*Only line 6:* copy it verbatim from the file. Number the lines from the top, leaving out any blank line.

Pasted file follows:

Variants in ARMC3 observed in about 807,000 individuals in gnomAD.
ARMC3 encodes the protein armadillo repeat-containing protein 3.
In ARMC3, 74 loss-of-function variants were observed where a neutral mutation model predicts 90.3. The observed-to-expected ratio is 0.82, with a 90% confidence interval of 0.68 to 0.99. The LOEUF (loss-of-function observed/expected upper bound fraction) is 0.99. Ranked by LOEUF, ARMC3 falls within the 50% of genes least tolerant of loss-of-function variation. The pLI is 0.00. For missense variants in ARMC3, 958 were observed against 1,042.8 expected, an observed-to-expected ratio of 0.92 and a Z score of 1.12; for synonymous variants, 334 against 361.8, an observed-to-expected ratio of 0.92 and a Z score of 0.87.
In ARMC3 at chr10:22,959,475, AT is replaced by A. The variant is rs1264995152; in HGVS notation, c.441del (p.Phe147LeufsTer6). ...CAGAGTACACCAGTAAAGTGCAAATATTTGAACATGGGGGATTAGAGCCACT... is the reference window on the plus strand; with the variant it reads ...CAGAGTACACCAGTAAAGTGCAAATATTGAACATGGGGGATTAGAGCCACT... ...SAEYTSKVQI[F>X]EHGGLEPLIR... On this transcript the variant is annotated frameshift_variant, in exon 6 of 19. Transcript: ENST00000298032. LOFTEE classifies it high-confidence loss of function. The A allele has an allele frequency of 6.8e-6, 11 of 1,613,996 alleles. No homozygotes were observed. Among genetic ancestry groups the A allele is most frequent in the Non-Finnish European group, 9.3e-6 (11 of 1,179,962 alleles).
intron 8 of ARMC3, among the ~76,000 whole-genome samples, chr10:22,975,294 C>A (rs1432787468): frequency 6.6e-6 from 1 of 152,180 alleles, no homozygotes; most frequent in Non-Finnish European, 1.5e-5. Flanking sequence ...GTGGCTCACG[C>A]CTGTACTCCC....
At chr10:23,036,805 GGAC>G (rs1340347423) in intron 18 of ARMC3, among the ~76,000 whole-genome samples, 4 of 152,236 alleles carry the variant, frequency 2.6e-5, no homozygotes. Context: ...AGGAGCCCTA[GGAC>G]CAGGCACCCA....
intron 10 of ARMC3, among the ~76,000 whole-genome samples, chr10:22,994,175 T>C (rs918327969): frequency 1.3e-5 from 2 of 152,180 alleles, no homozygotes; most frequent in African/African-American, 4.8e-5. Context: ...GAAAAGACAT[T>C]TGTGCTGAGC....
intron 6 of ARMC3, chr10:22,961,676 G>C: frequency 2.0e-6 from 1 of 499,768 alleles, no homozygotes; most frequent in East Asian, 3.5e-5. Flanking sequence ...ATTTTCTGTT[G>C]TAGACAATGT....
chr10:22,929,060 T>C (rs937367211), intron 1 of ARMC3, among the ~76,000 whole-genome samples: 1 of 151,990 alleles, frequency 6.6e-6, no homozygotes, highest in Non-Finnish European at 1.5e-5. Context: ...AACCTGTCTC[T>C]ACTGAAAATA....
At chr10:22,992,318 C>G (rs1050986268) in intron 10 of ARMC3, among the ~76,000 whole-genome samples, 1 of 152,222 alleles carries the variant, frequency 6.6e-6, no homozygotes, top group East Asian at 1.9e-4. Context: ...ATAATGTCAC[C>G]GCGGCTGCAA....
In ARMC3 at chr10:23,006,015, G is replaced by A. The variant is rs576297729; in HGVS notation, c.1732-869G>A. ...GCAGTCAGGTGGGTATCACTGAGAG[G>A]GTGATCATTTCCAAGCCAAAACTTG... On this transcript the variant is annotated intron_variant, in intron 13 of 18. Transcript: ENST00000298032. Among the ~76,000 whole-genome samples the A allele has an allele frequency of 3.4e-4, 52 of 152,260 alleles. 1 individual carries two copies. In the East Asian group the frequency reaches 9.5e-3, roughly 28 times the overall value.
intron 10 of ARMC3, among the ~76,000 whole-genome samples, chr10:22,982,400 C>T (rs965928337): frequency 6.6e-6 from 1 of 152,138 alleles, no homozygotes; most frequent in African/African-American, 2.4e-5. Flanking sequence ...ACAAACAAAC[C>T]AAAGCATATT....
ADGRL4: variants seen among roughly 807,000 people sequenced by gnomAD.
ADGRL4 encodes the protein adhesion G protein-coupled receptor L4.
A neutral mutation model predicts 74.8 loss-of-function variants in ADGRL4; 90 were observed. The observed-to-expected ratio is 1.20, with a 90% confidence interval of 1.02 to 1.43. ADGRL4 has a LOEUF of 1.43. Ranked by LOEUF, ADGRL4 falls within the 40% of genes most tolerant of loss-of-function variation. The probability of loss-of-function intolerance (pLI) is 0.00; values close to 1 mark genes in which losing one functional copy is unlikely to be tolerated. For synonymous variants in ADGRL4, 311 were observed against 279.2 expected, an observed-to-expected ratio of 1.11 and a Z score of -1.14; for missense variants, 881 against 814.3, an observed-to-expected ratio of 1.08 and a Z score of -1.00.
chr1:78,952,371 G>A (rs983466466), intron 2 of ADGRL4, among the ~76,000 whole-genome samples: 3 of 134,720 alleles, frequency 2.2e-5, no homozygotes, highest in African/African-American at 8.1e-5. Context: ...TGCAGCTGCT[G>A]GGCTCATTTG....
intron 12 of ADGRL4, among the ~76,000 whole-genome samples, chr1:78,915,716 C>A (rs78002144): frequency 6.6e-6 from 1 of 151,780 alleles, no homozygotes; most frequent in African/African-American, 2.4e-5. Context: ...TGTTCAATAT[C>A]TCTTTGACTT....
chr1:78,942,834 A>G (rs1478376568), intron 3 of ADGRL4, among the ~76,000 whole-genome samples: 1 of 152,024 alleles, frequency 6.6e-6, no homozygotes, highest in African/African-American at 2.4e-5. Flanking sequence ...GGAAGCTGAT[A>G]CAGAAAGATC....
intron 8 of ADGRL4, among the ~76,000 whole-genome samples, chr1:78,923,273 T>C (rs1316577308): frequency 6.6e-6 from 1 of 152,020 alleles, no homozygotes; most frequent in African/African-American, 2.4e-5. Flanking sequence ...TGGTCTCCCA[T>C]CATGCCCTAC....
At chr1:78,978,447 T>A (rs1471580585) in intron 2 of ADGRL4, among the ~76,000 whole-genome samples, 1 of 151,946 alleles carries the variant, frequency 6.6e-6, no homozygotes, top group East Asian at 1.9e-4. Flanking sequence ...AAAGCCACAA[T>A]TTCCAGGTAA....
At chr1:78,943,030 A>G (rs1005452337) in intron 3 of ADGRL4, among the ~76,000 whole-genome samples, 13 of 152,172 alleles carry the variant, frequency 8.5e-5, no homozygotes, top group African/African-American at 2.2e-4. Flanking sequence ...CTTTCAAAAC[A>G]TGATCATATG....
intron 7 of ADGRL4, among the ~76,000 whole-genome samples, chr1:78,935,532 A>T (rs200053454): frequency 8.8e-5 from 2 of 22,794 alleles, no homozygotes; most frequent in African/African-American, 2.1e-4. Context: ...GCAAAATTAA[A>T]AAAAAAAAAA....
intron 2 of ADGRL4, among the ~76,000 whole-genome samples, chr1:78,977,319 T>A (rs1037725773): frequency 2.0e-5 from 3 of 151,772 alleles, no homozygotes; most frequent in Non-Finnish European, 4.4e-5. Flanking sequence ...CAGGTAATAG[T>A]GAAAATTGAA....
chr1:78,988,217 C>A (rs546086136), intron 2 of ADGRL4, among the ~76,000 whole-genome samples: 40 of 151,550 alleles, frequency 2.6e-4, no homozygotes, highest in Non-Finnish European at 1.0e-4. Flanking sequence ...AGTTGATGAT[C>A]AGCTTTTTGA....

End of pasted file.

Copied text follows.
At chr10:23,036,805 GGAC>G (rs1340347423) in intron 18 of ARMC3, among the ~76,000 whole-genome samples, 4 of 152,236 alleles carry the variant, frequency 2.6e-5, no homozygotes. Context: ...AGGAGCCCTA[GGAC>G]CAGGCACCCA....